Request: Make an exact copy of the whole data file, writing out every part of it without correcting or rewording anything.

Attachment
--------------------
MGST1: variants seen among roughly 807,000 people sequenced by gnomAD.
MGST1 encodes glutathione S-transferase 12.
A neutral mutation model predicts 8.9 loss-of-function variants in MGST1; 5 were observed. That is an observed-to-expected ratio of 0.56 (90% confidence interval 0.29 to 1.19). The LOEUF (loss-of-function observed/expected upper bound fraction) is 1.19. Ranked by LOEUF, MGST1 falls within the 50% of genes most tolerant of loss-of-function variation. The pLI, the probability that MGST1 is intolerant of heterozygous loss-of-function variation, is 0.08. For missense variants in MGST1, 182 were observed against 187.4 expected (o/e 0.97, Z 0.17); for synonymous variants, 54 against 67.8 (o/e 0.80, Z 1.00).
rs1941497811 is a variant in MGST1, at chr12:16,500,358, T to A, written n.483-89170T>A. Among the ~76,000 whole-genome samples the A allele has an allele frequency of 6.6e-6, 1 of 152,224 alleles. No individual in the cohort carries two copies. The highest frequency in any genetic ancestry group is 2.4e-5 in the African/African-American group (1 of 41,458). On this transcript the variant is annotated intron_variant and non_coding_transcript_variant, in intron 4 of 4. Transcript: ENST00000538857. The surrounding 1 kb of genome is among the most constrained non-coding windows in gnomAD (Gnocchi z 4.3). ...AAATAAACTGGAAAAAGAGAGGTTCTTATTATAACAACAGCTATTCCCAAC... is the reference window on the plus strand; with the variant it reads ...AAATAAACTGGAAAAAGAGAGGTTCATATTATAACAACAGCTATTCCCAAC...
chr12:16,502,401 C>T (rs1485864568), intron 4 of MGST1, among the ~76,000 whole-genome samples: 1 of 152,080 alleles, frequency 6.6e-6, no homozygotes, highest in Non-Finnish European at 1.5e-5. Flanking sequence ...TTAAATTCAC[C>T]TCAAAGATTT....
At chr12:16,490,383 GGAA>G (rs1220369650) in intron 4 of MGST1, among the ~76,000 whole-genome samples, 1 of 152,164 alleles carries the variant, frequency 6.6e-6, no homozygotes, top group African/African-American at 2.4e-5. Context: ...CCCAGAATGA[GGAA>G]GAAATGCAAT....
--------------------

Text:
MGST1: variants seen among roughly 807,000 people sequenced by gnomAD.
MGST1 encodes glutathione S-transferase 12.
A neutral mutation model predicts 8.9 loss-of-function variants in MGST1; 5 were observed. That is an observed-to-expected ratio of 0.56 (90% confidence interval 0.29 to 1.19). The LOEUF (loss-of-function observed/expected upper bound fraction) is 1.19. Ranked by LOEUF, MGST1 falls within the 50% of genes most tolerant of loss-of-function variation. The pLI, the probability that MGST1 is intolerant of heterozygous loss-of-function variation, is 0.08. For missense variants in MGST1, 182 were observed against 187.4 expected (o/e 0.97, Z 0.17); for synonymous variants, 54 against 67.8 (o/e 0.80, Z 1.00).
rs1941497811 is a variant in MGST1, at chr12:16,500,358, T to A, written n.483-89170T>A. Among the ~76,000 whole-genome samples the A allele has an allele frequency of 6.6e-6, 1 of 152,224 alleles. No individual in the cohort carries two copies. The highest frequency in any genetic ancestry group is 2.4e-5 in the African/African-American group (1 of 41,458). On this transcript the variant is annotated intron_variant and non_coding_transcript_variant, in intron 4 of 4. Transcript: ENST00000538857. The surrounding 1 kb of genome is among the most constrained non-coding windows in gnomAD (Gnocchi z 4.3). ...AAATAAACTGGAAAAAGAGAGGTTCTTATTATAACAACAGCTATTCCCAAC... is the reference window on the plus strand; with the variant it reads ...AAATAAACTGGAAAAAGAGAGGTTCATATTATAACAACAGCTATTCCCAAC...
chr12:16,502,401 C>T (rs1485864568), intron 4 of MGST1, among the ~76,000 whole-genome samples: 1 of 152,080 alleles, frequency 6.6e-6, no homozygotes, highest in Non-Finnish European at 1.5e-5. Flanking sequence ...TTAAATTCAC[C>T]TCAAAGATTT....
At chr12:16,490,383 GGAA>G (rs1220369650) in intron 4 of MGST1, among the ~76,000 whole-genome samples, 1 of 152,164 alleles carries the variant, frequency 6.6e-6, no homozygotes, top group African/African-American at 2.4e-5. Context: ...CCCAGAATGA[GGAA>G]GAAATGCAAT....